Perhaps it was the night that veiled the city's big human workaday side and showed only the cold, blue-white residence streets palm-shaded and remote, and the inhospitable closed stores and shops of the business district, that gave Johnny a lost, lonesome feeling of utter homelessness. For the matter of that, Johnny could not remember when he was not homeless--but he did not often feel depressed by the fact. He followed Bland down the car steps at Fifth Street, walked with him past a delicatessen store whence apartment dwellers were trickling, their hands full of small paper bags and packages. They looked pale and sickly and harassed to Johnny, to whom desert-browned faces were a standard by which he measured all others.
A barber shop reminded him of grime and untrimmed hair, and he halted so abruptly that Bland forged several paces ahead before he missed him. He turned back grumbling, just as Johnny went in at the door, and followed grudgingly. He had wanted a glass of beer first of all, but yielded the point and took his shave resignedly.
Johnny spent a full hour in that shop, and when he emerged he was worth the second glance he got from the girls hurrying homeward. Tubbed, shaven, trimmed, a fresh shine on boots that still showed the marks of spurs worn from dawn to dark when those boots were new, he towered above Bland Halliday, who looked dingier and more down-at-heel than ever by contrast. It would take more than shaven jowls to make a gentleman of Bland.
They went on to Broadway, crossed it precariously, and reached the pavement by what Johnny considered a hair's-breadth of safety as a big car slid past his heels. They passed lighted plate-glass windows wherein silver and gold gleamed richly. Then Bland unwittingly pushed Johnny Jewel from the edge of obscurity into the bright light of notoriety again.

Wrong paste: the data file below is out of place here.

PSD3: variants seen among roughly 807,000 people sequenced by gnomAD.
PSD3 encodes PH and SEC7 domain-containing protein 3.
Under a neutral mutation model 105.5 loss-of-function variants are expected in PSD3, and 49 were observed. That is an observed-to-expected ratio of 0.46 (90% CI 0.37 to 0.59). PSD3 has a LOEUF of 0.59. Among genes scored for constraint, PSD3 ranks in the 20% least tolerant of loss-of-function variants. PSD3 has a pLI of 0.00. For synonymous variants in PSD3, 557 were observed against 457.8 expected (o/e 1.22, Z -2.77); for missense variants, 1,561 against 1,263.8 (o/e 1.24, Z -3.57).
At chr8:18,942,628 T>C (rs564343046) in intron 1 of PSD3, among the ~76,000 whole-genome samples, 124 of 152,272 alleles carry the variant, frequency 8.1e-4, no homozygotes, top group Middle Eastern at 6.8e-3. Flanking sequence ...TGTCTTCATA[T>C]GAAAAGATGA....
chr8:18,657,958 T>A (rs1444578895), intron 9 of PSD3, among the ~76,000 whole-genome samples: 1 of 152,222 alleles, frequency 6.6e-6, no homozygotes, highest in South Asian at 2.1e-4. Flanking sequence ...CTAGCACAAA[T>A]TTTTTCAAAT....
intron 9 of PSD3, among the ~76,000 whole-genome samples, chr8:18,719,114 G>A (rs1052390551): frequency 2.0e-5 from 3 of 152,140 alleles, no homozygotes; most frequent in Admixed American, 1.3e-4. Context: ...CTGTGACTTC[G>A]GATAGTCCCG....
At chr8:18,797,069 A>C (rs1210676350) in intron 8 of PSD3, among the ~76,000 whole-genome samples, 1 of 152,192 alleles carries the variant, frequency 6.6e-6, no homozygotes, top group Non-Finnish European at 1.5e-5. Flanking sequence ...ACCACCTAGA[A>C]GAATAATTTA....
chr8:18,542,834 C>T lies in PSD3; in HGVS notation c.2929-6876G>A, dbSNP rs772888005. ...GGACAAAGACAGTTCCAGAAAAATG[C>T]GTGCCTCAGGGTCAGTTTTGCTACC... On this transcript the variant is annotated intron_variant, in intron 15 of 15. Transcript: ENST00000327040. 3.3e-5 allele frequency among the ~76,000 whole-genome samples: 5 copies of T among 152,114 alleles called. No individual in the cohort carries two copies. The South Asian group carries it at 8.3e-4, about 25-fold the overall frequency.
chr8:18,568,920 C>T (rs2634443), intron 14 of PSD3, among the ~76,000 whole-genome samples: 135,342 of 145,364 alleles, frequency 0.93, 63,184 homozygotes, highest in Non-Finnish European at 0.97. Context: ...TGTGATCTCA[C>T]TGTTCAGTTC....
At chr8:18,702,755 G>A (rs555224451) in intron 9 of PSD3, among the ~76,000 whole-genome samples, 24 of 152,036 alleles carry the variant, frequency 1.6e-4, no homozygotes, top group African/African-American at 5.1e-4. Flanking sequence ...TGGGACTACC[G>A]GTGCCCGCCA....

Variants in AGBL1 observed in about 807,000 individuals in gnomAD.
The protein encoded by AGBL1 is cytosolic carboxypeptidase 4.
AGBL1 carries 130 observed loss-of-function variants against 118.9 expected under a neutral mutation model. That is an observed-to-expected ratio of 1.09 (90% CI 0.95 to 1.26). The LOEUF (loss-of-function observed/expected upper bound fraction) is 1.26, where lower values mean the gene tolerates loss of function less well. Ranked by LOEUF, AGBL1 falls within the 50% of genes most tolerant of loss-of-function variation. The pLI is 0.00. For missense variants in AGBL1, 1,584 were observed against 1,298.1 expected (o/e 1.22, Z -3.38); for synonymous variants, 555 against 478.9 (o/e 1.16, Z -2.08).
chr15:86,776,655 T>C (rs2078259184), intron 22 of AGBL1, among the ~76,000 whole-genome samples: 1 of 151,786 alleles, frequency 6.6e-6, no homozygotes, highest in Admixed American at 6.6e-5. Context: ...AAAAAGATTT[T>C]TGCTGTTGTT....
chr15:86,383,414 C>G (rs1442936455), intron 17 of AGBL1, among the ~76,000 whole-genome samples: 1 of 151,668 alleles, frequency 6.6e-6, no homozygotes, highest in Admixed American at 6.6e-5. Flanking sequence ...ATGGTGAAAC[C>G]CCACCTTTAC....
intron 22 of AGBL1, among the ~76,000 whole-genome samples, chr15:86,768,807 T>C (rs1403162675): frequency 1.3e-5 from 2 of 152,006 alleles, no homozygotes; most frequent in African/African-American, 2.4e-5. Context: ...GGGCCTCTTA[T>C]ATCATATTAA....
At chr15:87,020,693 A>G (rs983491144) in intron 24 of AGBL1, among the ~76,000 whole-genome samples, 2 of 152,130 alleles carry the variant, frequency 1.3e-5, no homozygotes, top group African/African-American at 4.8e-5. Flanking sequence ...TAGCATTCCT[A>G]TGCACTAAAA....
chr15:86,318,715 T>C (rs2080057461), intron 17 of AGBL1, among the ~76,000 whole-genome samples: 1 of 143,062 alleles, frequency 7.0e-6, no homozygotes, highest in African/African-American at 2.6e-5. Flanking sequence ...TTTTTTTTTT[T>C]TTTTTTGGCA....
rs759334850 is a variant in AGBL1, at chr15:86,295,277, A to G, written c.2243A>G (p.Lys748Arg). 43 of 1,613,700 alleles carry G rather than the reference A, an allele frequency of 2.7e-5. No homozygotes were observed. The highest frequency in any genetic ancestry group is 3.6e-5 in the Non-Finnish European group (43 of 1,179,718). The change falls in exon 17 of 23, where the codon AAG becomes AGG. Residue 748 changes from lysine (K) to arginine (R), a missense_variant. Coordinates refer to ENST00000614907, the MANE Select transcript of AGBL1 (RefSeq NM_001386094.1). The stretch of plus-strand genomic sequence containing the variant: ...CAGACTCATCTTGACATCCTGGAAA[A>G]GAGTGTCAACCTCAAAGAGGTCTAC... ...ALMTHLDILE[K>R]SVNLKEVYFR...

Bland said, "I know a joint where we can git a good room for fifty cents--and no questions asked, bo."
They happened at that moment to be nearing the immaculate white-gloved doorman who stands ward over the entrance to the Alexandria. Johnny looked at him, saw what exclusive hostelry was named upon his cap band, and stopped. "You can go to your joint where they don't ask questions," he said somewhat loftily to Bland. "I'll stop here where they don't have to."
Bland gasped, but Johnny was already turning in past the immaculate white-gloved one who bowed as Johnny brushed him by. Bland had only time enough to mutter, "I'll wait here till you register," before Johnny disappeared into the subdued elegance where Bland would not venture. "Till they throw yuh out, you boob," Bland amended his parting sentence. "Stoppin' at the Alexandria--hnm!"
Johnny, secure in his fresh cleanness and his ignorance of the traditions of the place, strode through the onyx-pillared lobby peopled with well-fed, modish human beings who conversed in modulated voices or bustled in and out, engrossed with affairs which might or might not be of national importance. At the desk a perfectly groomed, worldly wise aristocrat proffered a pen well inked and gave Johnny what Bland would have termed the double O.
Before he had finished pressing blotter upon "John Ivan Jewel, Tucson, Arizona", his brain had registered certain details and his smile had attained a certain quality of deference.
"We are glad to have you with us, Mr. Jewel. Ah--a room and bath, say on the sixth floor? Ah--did you have a good flight, Mr. Jewel?"
Oh, the adaptability of American youth! "Made it in seven hours continuous flight," Johnny informed him carelessly. "Nothing to it. Yes, the sixth floor will be all right. Didn't bring any baggage--didn't want to load the plane down."
And that clerk, to whom baggageless guests are ever objects of suspicion, smiled understandingly and called his favorite boy, and when Johnny's back was turned, immediately whispered the news that that Arizona flyer who had been so much in the public eye lately, was a guest of the hotel, having flown over in five hours.